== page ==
fondation hirondelle // ukraine project

New roads
towards growth

In Turka, situated in the Lviv region (West), reform of the customs service provides new funds that no longer go back to Kiev, but serve to build new roads
In Turka (Lviv region)
With decentralization, money finally comes to "God's forgotten places". Peter Kosachevych has been asking the central government for money for over 25 years. Bestowed with the title of Cultural Worker of Ukraine and Chairman of the World Boyko Congress, Kosachevych lives in Turka, a village located 135 kilometers from Lviv, in Western Ukraine.
The Boykos, the Ukrainians from the mountains, are an ethnographic group located in the Carpathian region. They have maintained their culture through the organization of festivals and cultural events despite the poor state of the roads to their village, which limits the number of tourists that visit.

After the collapse of the Soviet Union, industrial plants and so-called agricultural kolkhozh closed. The fields are now overgrown with weeds. Dairy production could increase, yet the sector is difficult to develop because of a lack of decent roads. This is not just a matter of tarmac: in general, it's been a long time that public funds, or just any kind of money, no longer reach Turka.
Over an 80 kilometer stretch, there is only one service station, and drivers prefer not use these roads at all, for fear of damaging their cars. Accordingly, investors from Lviv also prefer to avoid the area. Peter Kosachevych has even reached out to Peter Yatsyk for help, a rich Canadian businessman with Boyko roots. But he declined. He had already tried to finance other projects that were never implemented and he saw his money disappear within the administration in Kiev.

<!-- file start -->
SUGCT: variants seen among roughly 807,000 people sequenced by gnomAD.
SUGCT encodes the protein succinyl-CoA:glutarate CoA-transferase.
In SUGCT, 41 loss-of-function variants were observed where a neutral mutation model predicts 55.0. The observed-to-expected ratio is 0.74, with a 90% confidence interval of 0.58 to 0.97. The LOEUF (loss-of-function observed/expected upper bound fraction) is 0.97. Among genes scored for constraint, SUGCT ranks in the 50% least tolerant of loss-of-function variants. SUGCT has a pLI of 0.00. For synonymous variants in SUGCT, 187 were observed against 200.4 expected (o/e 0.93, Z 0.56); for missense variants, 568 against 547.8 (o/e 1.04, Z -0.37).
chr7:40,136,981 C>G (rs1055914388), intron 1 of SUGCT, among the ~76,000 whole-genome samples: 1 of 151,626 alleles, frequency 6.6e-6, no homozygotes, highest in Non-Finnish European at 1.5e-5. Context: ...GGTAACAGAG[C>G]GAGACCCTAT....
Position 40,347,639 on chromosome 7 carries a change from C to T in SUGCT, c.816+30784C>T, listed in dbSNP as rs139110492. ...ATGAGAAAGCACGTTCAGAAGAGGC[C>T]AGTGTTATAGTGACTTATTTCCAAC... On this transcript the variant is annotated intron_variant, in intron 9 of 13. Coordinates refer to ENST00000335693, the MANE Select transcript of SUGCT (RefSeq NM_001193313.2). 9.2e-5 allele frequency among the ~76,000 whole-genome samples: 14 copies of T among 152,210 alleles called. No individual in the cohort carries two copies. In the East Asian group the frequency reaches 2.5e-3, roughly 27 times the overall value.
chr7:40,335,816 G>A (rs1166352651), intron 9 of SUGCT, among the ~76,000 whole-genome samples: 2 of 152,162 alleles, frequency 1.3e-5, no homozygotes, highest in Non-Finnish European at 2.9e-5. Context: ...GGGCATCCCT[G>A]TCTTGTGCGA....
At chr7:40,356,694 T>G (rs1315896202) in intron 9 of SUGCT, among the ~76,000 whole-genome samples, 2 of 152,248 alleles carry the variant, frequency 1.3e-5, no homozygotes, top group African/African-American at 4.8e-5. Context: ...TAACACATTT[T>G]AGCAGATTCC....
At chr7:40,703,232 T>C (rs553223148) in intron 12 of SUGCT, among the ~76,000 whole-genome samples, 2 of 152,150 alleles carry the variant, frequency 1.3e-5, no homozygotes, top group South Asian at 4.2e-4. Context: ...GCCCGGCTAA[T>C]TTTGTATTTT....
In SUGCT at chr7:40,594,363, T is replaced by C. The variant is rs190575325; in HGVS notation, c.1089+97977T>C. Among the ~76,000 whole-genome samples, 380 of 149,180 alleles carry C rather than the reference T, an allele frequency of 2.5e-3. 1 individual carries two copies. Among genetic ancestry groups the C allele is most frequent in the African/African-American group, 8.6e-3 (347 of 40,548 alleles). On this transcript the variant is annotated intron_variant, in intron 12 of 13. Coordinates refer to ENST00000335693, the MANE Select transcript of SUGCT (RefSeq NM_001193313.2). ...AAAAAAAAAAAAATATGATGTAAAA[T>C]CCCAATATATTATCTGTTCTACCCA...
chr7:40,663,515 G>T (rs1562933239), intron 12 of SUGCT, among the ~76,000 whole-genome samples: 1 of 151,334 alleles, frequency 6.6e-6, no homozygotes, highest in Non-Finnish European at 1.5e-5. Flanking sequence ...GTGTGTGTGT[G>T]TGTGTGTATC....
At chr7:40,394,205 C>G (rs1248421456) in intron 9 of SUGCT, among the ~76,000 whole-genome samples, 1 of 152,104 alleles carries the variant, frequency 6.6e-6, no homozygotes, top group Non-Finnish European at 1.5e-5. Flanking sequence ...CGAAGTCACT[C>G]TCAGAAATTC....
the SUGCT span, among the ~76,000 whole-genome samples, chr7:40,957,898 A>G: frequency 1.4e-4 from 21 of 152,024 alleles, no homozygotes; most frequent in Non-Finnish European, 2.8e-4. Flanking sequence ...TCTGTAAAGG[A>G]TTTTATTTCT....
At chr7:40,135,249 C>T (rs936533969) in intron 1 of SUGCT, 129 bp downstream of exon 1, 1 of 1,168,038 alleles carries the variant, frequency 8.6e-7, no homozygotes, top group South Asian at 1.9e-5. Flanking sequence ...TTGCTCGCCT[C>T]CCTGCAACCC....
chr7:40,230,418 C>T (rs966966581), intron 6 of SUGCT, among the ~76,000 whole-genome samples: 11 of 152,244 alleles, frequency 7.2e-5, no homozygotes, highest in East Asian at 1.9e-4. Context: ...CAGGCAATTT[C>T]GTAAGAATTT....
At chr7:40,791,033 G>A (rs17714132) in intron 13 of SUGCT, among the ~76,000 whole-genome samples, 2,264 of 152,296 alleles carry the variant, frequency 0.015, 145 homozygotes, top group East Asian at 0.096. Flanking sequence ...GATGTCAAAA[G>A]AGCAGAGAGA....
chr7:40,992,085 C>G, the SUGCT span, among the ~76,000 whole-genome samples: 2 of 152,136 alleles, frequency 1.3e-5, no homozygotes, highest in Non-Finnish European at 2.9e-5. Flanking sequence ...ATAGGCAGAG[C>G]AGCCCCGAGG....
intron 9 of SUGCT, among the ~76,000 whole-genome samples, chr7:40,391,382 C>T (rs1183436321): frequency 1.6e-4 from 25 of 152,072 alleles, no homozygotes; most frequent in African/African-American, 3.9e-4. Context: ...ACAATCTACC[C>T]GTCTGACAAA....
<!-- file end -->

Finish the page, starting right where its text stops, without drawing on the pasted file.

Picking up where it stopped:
Ruslan Kandybor has been the head of road maintenance for the Lviv region for over 10 years. He remembers 2012, the year that the Euro football tournament was held in Ukraine and in Poland, and Lviv was named host city, as well as Kiev, Kharkiv and Donetsk. Money began to flow from Kiev to Lviv, from the central budget to the local. But it all went to repairing roads in the region's biggest city Lviv, which hosted games, as well as to the roads used by football fans to reach the newly built ultra-modern football stadium.

Roads such as those connecting Lviv-Turka certainly did not see any money come their way. In addition, during that time, many small companies went out of business – they were never fully paid by the state for their work. That's why in the region, the Euro 2012 has sometimes left a bitter memory.
With decentralization, Ruslan Kandybor now has enough money in the coffers to convince these business owners. With a huge smile, he explains that he has around 1 billion hryvnias today (around 36.7 million Euros), more than enough for the road work needed. The head of the road system no longer needs to convince companies to work for them.
"the more money there is,
the greater the risks of corruption."

— Ruslan Kandybor,
roads maintenance, Lviv region